MWS spoke with Wig and Hair Designer David Brown about the intricacies of wig design for theater and film.
David Brown: Comparing Film and Television to Theater
You’ve been in the business for years and have worked in theater, film and television. Are there unique considerations for each medium?
One consideration would be longevity of the wigs. A theatrical wig needs to withstand 8 shows a week for years possibly, so needs to be made sturdier all over. Film and TV needs a much more delicate lace, which disintegrates quickly, and the knotting requires much more detail since it is being viewed very closely and on High Def. As far as design work goes, they both require the same amount of time, energy and detail.
When you’re creating hair and wigs for a big Broadway show, how do you navigate creating a look that will work on the actors and understudies alike? Do changes happen when a new cast member joins the team?
Unless the actor is playing a well known person where the hair has to be specific, historically, I usually design the understudies differently then an original cast member, so it will suit their face shape and coloring. Sometimes minor differences can be made and sometimes a whole new direction will happen.
How much do the actors contribute to the vision of the hair?
I always like to hear what an actor has to say about their character and ask if they had any images in their mind. After all, they’re the ones embodying the character. I take it into consideration. Mostly I collaborate with the costume designer and director earlier on, so when I meet with the actor I can put all the pieces together.
David Brown: Collaboration
Can you talk about the process of developing hair alongside the vision of the Costume Designer? How much collaboration is involved?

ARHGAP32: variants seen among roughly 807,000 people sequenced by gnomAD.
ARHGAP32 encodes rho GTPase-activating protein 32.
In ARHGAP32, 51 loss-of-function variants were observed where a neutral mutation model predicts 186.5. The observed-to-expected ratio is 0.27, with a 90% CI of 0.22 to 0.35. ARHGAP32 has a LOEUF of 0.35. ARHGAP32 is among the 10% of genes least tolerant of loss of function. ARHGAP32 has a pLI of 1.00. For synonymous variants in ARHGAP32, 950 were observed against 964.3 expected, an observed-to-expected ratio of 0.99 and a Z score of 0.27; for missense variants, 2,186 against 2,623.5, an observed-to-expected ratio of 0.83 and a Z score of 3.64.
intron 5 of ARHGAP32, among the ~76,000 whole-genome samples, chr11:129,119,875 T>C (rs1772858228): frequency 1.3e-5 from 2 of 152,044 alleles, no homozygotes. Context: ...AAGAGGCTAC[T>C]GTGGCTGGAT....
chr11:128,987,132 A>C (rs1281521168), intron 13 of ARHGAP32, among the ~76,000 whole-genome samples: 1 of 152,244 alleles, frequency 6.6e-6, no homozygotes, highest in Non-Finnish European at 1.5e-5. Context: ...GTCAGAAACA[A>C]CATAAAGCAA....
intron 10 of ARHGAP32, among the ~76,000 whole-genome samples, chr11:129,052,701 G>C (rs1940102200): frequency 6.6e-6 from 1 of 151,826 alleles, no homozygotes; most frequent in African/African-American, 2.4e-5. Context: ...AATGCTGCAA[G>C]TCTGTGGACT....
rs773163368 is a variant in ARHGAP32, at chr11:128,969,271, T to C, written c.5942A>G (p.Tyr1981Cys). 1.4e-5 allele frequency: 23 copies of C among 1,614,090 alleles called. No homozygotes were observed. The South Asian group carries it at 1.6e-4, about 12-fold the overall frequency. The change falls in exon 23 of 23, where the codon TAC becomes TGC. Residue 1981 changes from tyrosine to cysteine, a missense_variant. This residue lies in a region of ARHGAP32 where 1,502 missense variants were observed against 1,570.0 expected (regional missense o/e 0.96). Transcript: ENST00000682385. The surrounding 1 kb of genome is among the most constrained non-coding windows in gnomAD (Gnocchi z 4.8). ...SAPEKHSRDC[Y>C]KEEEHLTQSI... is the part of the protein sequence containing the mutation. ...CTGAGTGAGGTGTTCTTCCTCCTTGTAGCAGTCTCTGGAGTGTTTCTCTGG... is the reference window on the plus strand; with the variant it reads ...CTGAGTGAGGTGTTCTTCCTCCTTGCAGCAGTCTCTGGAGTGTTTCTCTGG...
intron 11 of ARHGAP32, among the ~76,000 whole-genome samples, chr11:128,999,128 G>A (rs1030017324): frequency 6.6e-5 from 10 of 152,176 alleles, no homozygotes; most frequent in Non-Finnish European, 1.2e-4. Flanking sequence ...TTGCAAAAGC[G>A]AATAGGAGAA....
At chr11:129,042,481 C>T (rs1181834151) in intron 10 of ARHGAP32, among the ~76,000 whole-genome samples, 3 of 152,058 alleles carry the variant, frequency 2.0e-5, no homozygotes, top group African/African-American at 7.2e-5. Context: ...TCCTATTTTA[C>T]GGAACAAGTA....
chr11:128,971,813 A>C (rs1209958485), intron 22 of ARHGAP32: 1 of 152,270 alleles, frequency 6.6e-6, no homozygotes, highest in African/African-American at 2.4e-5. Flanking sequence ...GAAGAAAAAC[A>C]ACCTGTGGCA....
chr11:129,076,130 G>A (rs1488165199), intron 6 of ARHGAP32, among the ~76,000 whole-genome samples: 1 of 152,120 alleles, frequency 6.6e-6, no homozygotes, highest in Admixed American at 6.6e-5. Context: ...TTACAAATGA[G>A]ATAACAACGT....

I think the Costume Designer has the strongest visual image of the character. I work very closely with them deciding what the appropriate look would be. If there is a differing of opinion it’s usually harmoniously worked out, we all want the right look for the actor.
What are the most indispensable talents and tools a hair and wig designer needs?
Diplomacy and being able to continue to learn from others. Along with a good eye for shape, style and color
David Brown: Lessons Learned
Can you share any stories about early lessons you learned, or unique challenges you faced on a project?
I think something I learned early on is really just a life lesson: when something goes wrong, don’t offer up an excuse, but offer up a solution. Every gig has it’s challenges, whether it be personalities, weather, hours, detail of work, etc. I love the work I do, so I like to face those challenges, not always easy, but when it’s over, it’s over and I have my integrity.
David Brown: MWS
How did you first hear about MWS and how has your relationship evolved over the years?
I’ve known Tommy Boyer for many, many years so was thrilled when he started MWS and even happier when he added a larger department for Hair Supplies. It was crazy that for so many years there wasn’t a reliable source for supplies in NYC and that most things had to be ordered out of LA. Tommy being open to stocking materials that we regularly use has also been a great help.
Thanks for illuminating us about wig design, David!